Brookhaven has ‘ideal mosquito season,’ Lincoln County has 1 WNV human case

Published 9:30 am Thursday, October 26, 2023

Thirty-three human cases of West Nile Virus have been reported so far in Mississippi in 2023, with one case in Lincoln County. But the local mosquito control expert says the situation has been near ideal.

The Mississippi Department of Health identified the case from a positive laboratory test of a blood donor. Infected blood donors are identified through routine screening to ensure the safety of transfusion products. WNV-positive donors who are symptomatic are included in the WNV human case count.

No infected mosquitoes were found in Brookhaven traps.

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“This is the first time in four years that we have not had any positive traps in Brookhaven,” said Scott Williams of Vector Mosquito Control, the City of Brookhaven’s contracted sprayer. “We have had nothing positive until right here, at the very end of the season, until this human case.”

West Nile Virus is transmitted primarily through the bite of an infected mosquito, and the majority of mosquitoes do not transmit disease. People cannot become infected through ordinary contact with an infected bird, horse or human. People who are concerned about protecting themselves against mosquitoes have a couple of good options, Williams said.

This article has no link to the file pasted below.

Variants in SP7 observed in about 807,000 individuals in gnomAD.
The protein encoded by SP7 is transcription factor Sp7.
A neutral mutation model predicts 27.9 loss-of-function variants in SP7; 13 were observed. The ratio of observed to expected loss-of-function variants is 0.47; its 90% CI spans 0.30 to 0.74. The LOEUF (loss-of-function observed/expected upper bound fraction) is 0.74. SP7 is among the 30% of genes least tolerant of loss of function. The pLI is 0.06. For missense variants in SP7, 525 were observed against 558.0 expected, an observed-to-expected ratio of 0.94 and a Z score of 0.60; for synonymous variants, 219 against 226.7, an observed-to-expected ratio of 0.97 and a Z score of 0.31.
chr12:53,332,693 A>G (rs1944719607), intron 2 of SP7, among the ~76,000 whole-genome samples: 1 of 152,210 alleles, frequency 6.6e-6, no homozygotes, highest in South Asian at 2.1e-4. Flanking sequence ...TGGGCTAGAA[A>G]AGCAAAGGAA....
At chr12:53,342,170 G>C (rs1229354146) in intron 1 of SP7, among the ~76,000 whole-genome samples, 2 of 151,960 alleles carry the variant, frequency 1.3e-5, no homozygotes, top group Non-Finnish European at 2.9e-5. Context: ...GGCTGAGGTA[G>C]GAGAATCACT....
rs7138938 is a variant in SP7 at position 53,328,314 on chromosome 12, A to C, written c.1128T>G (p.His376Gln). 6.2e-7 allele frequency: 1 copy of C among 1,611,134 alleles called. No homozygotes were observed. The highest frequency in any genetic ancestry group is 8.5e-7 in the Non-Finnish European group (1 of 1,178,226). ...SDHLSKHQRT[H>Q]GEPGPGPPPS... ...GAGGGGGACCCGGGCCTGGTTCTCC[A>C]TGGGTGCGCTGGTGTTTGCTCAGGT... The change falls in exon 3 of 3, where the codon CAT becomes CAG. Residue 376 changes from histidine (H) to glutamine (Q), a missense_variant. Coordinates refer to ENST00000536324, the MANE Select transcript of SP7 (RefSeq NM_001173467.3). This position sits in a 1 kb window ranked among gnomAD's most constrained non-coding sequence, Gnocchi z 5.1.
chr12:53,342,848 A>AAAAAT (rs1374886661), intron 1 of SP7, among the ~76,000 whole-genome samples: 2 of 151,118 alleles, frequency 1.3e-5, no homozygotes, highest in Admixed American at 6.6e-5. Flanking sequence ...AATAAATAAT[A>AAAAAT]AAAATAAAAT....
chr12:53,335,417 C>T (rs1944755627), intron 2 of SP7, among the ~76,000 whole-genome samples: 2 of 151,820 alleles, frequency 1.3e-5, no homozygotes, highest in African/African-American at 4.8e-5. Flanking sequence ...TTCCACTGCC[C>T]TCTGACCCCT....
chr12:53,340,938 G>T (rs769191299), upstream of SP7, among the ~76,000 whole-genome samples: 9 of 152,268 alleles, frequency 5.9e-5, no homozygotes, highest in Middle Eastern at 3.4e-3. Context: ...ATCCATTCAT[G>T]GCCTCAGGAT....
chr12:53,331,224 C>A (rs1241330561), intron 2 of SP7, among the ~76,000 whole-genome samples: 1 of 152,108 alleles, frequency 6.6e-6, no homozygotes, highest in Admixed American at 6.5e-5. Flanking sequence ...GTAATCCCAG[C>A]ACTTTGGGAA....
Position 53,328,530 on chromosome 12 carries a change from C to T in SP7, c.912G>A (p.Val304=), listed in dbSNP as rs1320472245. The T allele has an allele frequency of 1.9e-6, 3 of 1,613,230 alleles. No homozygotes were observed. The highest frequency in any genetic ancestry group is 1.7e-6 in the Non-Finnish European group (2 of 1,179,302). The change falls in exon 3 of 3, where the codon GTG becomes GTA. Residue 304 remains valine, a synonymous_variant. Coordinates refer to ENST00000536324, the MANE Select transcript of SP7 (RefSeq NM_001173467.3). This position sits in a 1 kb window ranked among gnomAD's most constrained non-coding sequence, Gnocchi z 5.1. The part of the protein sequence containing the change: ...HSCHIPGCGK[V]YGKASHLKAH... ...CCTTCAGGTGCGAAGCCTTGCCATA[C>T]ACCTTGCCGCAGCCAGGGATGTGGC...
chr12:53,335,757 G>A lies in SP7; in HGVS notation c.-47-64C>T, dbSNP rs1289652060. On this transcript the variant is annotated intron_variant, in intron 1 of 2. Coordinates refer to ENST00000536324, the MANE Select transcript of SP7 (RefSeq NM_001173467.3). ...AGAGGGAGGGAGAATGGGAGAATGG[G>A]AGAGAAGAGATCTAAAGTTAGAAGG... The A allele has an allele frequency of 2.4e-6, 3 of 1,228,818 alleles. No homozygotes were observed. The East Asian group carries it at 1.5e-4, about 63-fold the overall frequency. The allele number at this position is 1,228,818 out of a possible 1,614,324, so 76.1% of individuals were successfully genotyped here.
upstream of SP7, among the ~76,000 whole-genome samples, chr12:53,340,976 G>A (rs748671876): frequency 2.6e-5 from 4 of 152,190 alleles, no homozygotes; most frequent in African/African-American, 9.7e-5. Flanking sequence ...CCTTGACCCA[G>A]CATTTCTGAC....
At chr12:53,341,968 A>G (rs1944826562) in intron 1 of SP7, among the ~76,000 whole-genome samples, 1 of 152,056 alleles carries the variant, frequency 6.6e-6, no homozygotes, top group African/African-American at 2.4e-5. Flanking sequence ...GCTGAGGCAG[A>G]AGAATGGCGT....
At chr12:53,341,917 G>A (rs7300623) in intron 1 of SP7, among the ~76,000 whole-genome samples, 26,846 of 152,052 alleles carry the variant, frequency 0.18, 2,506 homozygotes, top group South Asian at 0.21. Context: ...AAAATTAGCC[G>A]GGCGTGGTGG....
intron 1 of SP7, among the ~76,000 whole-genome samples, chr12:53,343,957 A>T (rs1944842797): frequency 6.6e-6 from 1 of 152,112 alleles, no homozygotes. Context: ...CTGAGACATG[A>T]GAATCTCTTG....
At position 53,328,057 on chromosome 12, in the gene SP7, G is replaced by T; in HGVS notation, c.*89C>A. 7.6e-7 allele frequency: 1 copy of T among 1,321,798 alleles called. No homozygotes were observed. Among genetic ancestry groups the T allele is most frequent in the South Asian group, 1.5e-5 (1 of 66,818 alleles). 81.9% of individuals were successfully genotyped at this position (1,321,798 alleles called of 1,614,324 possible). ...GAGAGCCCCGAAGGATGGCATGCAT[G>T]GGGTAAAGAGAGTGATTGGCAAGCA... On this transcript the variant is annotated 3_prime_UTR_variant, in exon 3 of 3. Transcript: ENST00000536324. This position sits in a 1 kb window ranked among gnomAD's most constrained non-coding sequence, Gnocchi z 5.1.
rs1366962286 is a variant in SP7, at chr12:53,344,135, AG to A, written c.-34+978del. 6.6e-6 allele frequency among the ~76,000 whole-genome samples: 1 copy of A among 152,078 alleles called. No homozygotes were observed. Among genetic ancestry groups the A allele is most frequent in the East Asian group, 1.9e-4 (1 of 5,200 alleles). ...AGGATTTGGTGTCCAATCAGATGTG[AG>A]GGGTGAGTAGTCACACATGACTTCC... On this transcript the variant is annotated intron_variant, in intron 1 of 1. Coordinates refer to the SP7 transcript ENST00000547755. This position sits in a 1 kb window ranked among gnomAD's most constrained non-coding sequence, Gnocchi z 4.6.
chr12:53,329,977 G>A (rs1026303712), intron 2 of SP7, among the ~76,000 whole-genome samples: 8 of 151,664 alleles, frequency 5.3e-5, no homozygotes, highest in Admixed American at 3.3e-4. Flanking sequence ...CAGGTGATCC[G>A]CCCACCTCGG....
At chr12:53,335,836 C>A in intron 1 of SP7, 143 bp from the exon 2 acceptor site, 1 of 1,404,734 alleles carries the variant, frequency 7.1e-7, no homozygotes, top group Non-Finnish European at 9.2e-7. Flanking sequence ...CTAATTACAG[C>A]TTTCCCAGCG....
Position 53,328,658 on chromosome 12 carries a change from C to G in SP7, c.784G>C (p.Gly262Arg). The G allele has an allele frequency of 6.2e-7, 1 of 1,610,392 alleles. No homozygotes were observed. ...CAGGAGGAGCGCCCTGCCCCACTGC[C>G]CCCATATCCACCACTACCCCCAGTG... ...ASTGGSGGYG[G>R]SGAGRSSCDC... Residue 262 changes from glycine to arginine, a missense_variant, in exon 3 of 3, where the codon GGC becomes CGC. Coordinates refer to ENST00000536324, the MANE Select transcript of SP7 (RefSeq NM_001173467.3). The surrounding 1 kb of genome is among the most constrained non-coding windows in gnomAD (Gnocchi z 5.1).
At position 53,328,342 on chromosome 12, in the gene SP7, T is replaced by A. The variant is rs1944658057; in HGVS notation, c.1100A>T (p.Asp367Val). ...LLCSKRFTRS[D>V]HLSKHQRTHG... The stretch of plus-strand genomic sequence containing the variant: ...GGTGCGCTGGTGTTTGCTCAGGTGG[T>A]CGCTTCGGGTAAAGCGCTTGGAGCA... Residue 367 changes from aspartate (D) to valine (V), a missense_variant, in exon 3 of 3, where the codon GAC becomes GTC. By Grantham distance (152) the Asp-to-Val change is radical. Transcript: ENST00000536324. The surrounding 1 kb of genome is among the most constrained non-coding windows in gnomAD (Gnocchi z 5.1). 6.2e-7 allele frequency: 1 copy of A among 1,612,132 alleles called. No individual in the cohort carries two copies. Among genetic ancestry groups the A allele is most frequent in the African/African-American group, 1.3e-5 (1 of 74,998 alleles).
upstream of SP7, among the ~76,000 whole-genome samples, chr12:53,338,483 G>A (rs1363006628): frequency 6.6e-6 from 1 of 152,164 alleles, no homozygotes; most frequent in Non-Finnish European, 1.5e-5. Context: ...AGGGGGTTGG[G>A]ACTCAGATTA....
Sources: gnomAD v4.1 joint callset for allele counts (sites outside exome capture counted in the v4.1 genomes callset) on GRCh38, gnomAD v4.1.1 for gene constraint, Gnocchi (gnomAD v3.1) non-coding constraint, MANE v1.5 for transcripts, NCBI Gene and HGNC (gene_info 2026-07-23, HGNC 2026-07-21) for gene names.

“The mosquito repellent that has the DEET in it is extremely effective against the West Nile mosquito,” he said. “AVON Skin So Soft is also extremely effective. It also works very well against gnats and any other ‘creepy-crawlies.’”

Human cases were also reported in the following counties: Hinds, 6; Madison, 4; Rankin, 4; Panola, 3; Clarke, 2; Jackson, 2; Prentiss, 2; Sunflower, 2; and one each in Calhoun, Forrest, Grenada, Humphreys, Lamar, Leflore, and Pike counties.

No West Nile deaths have been recorded in Mississippi since 2017, when there were two. Two were also recorded in 2016, and one in 2015.

Two horses have tested positive for WNV, one each in Jackson and Rankin counties.

Positive mosquito samples were also taken from traps in seven counties — Madison, 12; Washington, 7; Harrison, 2; Rankin, 2; Hinds, 1; Jackson, 1; and Sunflower, 1.

Four cases were identified from human blood donors who had no symptoms of WNV, and were not included in the human cases: two in DeSoto, one in Copiah, and one in Tallahatchie.

Williams said spraying will take place as often now, but Vector will still be available. Weather permitting, the city will be sprayed Monday night “pretty heavily,” prior to Halloween Tuesday activities, he said.

“Once temps get down in the 50s at night, numbers of mosquitoes will drop drastically, and by federal law we can’t spray below 50 degrees,” said Williams. “We’re here to control the mosquito population, not eradicate them. That is not going to happen. But all of my traps across Mississippi are at a record low this year due to the extreme drought.”

Anyone who thinks their area of the city needs another treating is encouraged to call the City’s hotline at 601-835-8025. Williams is also available to talk with anyone who has further concerns. He can be reached at 601-669-8280.

Overall, Williams is grateful for the low numbers of mosquitoes of any kind.

“If there’s any such thing as the ideal mosquito season, this has been it,” he said. “We’ve been blessed this year.”